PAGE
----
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Russell Sturgis


Centurion, 1870–1909

Born 16 October 1836 in Baltimore, Maryland

Died 11 February 1909 in New York (Manhattan), New York

Buried Fresh Pond Crematory and Columbarium, Middle Village, New York

Proposed by Edwin L. Godkin and Lucius Tuckerman

Elected 5 November 1870 at age thirty-four

Archivist’s Note: Father-in-law of Philip Golden Bartlett and Hector W. Thomas; grandfather of Philip G. Bartlett; grandfather-in-law of A. I. Henderson

Century Memorial

Russell Sturgis was a child of Maryland, but early became a New Yorker, graduating from the City College, laying here, in the office of the elder Eidlitz, the foundations of his professional study as an architect. After a period of travel, and of study in Munich, he returned to become eminent in the Gothic revival, an apostle of art according to Ruskin, and a voluminous author. Though the architect of three important structures at Yale and of a considerable number here, though associated with famous contemporaries as a practising architect, and though a trainer of the younger generation both in a professional chair and as private preceptor, yet he is best known for his cultivated taste and acute criticism as a writer. Among hundreds of fugitive pieces, his work on “The Nation” and his great Dictionary of Architecture stand out as monumental. He was thirty-nine years a member here and seventy-three at death [sic: seventy-two]. The Century was the home of his soul, his intimacies were here; the good cheer and helpful converse with kindred spirits in these rooms were his very life. He was one of the builders in the Institute of Architects and in the Civil Service Reform Association. Not only was he a metropolitan personage, but a national; for his advice was sought from far and near. His personality was keen but engaging, his knowledge of men and subjects penetrating, his companionship stimulating and agreeable. It is of such fibre that the fabric of The Century is woven.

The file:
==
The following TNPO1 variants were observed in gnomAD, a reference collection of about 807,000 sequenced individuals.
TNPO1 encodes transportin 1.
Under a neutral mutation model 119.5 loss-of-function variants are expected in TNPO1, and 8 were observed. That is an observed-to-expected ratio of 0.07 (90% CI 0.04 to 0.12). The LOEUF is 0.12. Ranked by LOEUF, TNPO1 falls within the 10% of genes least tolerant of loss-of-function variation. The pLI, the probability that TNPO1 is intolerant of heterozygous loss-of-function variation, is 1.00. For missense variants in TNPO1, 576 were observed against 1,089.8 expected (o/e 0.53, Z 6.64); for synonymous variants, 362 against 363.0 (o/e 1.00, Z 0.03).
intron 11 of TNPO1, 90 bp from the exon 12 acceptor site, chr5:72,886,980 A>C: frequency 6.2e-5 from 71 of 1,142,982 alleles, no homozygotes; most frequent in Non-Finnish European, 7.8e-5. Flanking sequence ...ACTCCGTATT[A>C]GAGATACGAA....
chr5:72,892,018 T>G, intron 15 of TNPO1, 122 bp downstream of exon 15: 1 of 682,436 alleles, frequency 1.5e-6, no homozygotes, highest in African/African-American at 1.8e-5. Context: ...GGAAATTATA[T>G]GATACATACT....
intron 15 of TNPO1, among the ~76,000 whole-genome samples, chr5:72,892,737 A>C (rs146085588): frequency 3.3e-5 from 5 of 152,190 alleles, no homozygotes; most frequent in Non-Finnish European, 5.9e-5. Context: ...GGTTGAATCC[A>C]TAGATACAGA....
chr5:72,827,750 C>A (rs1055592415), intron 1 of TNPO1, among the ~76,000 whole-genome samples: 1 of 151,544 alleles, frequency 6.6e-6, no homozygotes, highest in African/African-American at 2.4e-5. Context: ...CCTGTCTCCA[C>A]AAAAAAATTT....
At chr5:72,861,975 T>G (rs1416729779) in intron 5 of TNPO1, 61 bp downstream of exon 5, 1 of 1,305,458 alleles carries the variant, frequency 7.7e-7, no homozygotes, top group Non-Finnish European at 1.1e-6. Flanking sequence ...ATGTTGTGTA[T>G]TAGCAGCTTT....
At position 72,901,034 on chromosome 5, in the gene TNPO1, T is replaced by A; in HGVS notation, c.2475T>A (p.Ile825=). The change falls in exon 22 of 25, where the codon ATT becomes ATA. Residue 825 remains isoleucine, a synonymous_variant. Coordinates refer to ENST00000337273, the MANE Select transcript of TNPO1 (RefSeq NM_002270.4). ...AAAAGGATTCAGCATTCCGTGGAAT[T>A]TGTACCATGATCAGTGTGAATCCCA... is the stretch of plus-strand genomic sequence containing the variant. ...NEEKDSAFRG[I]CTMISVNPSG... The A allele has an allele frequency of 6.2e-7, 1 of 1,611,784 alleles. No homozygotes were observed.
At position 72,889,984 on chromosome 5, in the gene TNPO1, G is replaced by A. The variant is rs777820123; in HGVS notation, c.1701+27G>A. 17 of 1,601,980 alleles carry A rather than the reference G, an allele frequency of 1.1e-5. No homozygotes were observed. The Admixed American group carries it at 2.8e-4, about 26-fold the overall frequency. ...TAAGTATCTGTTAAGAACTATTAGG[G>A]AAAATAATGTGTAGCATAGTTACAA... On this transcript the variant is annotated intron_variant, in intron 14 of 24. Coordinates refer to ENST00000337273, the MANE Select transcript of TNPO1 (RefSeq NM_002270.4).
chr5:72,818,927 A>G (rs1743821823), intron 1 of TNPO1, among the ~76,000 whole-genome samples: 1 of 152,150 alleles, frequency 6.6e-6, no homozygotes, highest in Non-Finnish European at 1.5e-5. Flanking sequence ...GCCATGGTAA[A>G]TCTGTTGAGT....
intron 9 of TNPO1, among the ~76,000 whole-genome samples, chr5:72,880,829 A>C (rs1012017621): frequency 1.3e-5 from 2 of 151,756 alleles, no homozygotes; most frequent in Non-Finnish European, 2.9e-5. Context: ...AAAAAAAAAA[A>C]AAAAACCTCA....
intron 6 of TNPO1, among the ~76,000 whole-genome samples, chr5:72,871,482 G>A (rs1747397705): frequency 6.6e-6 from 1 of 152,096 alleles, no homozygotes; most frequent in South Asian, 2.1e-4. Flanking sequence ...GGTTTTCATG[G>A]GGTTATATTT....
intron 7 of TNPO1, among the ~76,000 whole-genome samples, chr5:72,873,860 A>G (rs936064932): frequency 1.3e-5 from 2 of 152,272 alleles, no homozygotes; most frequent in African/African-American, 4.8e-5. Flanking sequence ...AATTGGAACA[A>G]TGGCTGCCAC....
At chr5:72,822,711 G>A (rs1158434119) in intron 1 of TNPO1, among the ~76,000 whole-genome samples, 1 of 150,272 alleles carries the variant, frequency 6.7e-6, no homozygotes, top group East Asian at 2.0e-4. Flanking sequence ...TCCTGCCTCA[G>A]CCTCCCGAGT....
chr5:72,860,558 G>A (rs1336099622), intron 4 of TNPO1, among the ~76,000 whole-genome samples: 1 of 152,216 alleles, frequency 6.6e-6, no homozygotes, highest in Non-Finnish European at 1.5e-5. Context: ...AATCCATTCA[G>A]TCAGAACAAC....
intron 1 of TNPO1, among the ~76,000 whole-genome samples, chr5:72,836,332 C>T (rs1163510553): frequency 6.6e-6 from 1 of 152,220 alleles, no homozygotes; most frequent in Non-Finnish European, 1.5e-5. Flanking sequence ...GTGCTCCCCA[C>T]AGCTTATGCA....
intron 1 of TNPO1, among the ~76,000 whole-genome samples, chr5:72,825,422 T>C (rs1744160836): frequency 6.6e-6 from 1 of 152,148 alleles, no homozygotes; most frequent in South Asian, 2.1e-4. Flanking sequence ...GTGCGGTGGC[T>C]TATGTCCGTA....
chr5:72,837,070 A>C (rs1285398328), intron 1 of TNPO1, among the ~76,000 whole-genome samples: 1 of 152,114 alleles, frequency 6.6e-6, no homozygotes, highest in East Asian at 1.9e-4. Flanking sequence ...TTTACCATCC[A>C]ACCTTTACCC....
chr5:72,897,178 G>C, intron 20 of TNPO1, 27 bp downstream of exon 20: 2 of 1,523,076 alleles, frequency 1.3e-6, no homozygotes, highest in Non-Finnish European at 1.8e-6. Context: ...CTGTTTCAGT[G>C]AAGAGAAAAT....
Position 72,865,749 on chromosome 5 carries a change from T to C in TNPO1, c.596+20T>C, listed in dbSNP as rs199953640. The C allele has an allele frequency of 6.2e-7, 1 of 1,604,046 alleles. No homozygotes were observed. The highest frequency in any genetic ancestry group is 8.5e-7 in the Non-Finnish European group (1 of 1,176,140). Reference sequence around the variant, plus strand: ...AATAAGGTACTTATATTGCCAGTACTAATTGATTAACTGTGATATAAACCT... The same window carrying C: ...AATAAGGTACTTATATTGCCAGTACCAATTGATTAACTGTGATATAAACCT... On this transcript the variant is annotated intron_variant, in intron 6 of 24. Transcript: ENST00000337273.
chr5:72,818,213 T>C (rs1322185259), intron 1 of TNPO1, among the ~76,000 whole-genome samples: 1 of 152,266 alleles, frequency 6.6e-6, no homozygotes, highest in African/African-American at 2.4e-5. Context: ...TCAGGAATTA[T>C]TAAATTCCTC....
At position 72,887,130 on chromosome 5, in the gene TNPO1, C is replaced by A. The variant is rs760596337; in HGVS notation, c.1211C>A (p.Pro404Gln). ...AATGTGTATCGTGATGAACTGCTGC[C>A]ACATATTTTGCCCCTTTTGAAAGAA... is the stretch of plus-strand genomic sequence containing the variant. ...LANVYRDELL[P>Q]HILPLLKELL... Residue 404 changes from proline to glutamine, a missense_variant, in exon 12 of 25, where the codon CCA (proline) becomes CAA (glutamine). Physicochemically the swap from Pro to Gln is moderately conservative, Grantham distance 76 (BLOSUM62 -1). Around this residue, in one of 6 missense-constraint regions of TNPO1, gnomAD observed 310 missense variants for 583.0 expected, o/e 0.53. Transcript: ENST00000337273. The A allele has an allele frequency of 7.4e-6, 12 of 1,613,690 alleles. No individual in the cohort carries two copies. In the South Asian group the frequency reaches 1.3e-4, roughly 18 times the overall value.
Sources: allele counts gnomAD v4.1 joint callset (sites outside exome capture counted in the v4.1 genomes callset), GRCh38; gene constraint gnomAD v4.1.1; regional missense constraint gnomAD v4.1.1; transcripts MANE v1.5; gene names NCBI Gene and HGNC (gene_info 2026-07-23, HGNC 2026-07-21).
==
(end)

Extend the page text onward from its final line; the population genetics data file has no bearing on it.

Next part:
William Milligan Sloane
1910 Century Association Yearbook